At Project Spaces, everyone has a unique story to tell. With our monthly member spotlights, we delve deep into the worlds of our members to learn more about what drives them...
Project Spaces: Thanks a ton for joining us today Lauren. To start, could you tell us about what you do and how you started off?
Lauren Kerbel: I’m a graphic designer. I specialize in hand-lettering, calligraphy and brand identity design
I didn’t know what graphic design was until I got to grad school. A friend of mine was getting married and her designer sort of left at the last minute and half her wedding stationary wasn’t done so she asked me if I’d do her wedding stationary for her.
So I did all of the “day-of” stationary for her wedding and really, really liked it. That’s when I started doing design full-time as a freelancer.
PS: That’s such a big leap from doing one persons project to being able to subsist full-time as a freelancer, how did you manage that?
LK: I was freelancing as a writer, so that’s where my income was coming from.
Then I took about a year to focus on education and figure out what skills I needed. I went and did a bunch of courses and workshops and spent the year honing my skills and creating things within those classes that could be some sort of portfolio to start with.
From there, I fully opened my business, Lauren Kerbel Design, and just started getting referrals and word of mouth business through that.
Then last year I started working with two former colleagues from my time as an editor at Rogers on a company we started called Editors Inc. We are a content creation agency for brands that specializes in offering the services of writers, editors and creatives from our extensive network of the best editorial talent in Canada.
And even further, I’ve actually just started working with a wedding planner in Toronto to be her in-house calligrapher and designer for her weddings, so I have a bunch of stuff on the go.
PS: So what got you to the place that you felt confident enough to bet on your graphic design dreams?
LK: It was really the rebellion thing. I just didn’t like working for other people. I don’t like having a boss. I usually want to just do their job and feel like I can do it better than they can.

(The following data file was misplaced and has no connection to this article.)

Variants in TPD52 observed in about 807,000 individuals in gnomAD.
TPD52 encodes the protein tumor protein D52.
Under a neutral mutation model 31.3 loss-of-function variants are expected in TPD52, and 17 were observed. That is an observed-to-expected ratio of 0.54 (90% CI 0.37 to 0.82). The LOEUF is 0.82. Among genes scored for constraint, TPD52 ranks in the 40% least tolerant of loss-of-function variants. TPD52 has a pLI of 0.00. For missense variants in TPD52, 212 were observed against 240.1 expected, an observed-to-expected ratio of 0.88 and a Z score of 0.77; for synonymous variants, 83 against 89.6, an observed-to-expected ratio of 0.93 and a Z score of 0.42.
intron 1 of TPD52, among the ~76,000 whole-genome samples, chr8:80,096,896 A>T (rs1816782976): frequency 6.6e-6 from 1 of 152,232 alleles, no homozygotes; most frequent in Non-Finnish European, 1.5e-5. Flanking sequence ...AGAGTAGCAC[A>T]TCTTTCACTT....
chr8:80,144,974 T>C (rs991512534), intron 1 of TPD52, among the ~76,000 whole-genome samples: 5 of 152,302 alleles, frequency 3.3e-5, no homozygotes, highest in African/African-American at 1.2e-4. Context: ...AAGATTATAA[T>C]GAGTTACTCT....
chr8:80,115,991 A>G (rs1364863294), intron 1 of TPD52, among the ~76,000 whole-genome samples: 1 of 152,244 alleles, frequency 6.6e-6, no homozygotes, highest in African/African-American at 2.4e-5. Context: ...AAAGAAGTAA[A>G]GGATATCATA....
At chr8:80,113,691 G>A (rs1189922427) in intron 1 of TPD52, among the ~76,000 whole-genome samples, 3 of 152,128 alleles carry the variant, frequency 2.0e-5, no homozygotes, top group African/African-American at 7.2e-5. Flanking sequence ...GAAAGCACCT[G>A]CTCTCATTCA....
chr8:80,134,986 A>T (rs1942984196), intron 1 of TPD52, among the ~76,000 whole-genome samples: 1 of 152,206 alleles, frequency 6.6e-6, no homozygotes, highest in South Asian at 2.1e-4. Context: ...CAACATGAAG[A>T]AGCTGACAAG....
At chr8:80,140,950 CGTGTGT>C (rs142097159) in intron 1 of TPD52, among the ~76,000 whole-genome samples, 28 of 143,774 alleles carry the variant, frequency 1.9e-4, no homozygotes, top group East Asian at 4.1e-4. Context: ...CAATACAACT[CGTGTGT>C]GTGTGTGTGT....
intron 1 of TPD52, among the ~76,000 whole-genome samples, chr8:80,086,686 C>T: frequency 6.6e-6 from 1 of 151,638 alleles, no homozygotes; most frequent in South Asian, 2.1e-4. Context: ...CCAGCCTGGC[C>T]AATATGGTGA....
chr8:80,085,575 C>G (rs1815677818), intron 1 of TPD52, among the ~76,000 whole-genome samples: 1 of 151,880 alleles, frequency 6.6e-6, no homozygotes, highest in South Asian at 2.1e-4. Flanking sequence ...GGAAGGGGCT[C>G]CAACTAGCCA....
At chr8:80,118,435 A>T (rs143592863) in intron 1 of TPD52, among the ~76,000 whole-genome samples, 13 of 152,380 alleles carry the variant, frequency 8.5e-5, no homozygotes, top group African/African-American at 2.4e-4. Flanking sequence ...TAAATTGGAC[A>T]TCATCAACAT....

When I’m working on a project, I want to be in charge and I want to be doing it my way. I’m pretty stubborn! So that was the motivation for it.
PS: There’s so much to be said for having that sort of belief in yourself, especially as an entrepreneur.
LK: I definitely struggled with imposter syndrome. I thought, I didn’t go to school for graphic design, why would anyone want to hire me?
It took me a really long time to realize that that wasn’t the only reason that people would want to hire me and that there’s a lot of value in other types of experience. I didn’t go to design school but I have a really interesting background in communications, writing, and editing. I can offer that perspective. It’s very interesting.
PS: So how do you feel that you got over that imposter syndrome?
LK: It took me awhile. But there were a few things.
Every time I get positive feedback from my clients, it builds me up a bit more. I can see my clients really like what they’re getting out of my work and I think they really like the relationship that we built together.
PS: So what does branding, typography, and lettering entail?
LK: I start off by working really closely with my clients to figure out what their brand’s style is going to be.
At its core, a brand’s visual identity is how it presents itself to the world. The logo is a huge part of it, but it’s also things like your colour palette, typography, patterns and textures, styles of photography—even the amount of white space around elements communicates a personality and style. It’s all about the details, and how they work together to communicate your brand’s style and message to current and potential customers.
We build things from there. We do stationary. We do digital strategy. We help clients figure out, once we’ve built the logo, how they’re going to represent their brand visually, and that is probably my favourite thing to do.
PS: How did you find yourself working at Project Spaces?
LK: I worked out of my apartment for about two years on my own which was very tiny. At first it was really nice and I got to work in my pajamas. But then I’d get to the point where I’d realize I hadn’t left the house in 48 hours.
So I just got to the point where I thought I needed to not be in my place anymore. And I can’t work in a coffee shop, I hate working on my laptop. I needed my setup with my monitor and computer and I like having all my stuff around me.
So I started looking into coworking spaces and Project Spaces King West happens to be a block from my apartment and is very well priced. So I came in and did a trial day and I loved the vibe and the fact that I could bring my dog. It was really fun! I’ve been here now since December and I’ve really been liking it. It’s been really nice! I like the people here a lot!
PS: That’s wonderful to hear Lauren! To wrap things up: If you weren’t a designer, what would you be doing?
LK: Nothing, honestly.
PS: Design, or die?
LK: Design or die! I’ve always been fascinated with lettering since I was a little kid and I honestly, genuinely can’t imagine myself doing anything else.
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